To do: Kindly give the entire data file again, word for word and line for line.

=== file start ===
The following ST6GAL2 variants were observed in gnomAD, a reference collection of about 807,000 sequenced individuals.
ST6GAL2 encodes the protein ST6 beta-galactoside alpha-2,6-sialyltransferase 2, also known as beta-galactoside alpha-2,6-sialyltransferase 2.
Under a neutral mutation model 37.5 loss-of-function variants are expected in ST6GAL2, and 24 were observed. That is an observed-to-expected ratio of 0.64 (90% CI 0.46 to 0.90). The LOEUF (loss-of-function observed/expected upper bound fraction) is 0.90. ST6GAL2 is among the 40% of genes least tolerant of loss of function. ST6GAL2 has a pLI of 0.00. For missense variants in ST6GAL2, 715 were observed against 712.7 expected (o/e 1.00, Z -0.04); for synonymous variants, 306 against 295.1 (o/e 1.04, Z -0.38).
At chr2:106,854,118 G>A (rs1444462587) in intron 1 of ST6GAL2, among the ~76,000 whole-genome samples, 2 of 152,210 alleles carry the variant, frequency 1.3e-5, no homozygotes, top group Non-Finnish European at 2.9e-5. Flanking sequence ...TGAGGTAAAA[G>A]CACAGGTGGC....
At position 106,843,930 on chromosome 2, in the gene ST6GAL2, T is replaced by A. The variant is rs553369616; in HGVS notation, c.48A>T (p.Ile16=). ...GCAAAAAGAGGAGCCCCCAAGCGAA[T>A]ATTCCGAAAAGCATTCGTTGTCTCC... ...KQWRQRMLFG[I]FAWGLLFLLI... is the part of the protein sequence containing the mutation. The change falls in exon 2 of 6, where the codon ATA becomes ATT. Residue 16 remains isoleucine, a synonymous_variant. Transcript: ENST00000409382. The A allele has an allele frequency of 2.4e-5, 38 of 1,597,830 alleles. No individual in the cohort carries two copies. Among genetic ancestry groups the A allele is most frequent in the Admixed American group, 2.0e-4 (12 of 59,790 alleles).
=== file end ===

The following ST6GAL2 variants were observed in gnomAD, a reference collection of about 807,000 sequenced individuals.
ST6GAL2 encodes the protein ST6 beta-galactoside alpha-2,6-sialyltransferase 2, also known as beta-galactoside alpha-2,6-sialyltransferase 2.
Under a neutral mutation model 37.5 loss-of-function variants are expected in ST6GAL2, and 24 were observed. That is an observed-to-expected ratio of 0.64 (90% CI 0.46 to 0.90). The LOEUF (loss-of-function observed/expected upper bound fraction) is 0.90. ST6GAL2 is among the 40% of genes least tolerant of loss of function. ST6GAL2 has a pLI of 0.00. For missense variants in ST6GAL2, 715 were observed against 712.7 expected (o/e 1.00, Z -0.04); for synonymous variants, 306 against 295.1 (o/e 1.04, Z -0.38).
At chr2:106,854,118 G>A (rs1444462587) in intron 1 of ST6GAL2, among the ~76,000 whole-genome samples, 2 of 152,210 alleles carry the variant, frequency 1.3e-5, no homozygotes, top group Non-Finnish European at 2.9e-5. Flanking sequence ...TGAGGTAAAA[G>A]CACAGGTGGC....
At position 106,843,930 on chromosome 2, in the gene ST6GAL2, T is replaced by A. The variant is rs553369616; in HGVS notation, c.48A>T (p.Ile16=). ...GCAAAAAGAGGAGCCCCCAAGCGAA[T>A]ATTCCGAAAAGCATTCGTTGTCTCC... ...KQWRQRMLFG[I]FAWGLLFLLI... is the part of the protein sequence containing the mutation. The change falls in exon 2 of 6, where the codon ATA becomes ATT. Residue 16 remains isoleucine, a synonymous_variant. Transcript: ENST00000409382. The A allele has an allele frequency of 2.4e-5, 38 of 1,597,830 alleles. No individual in the cohort carries two copies. Among genetic ancestry groups the A allele is most frequent in the Admixed American group, 2.0e-4 (12 of 59,790 alleles).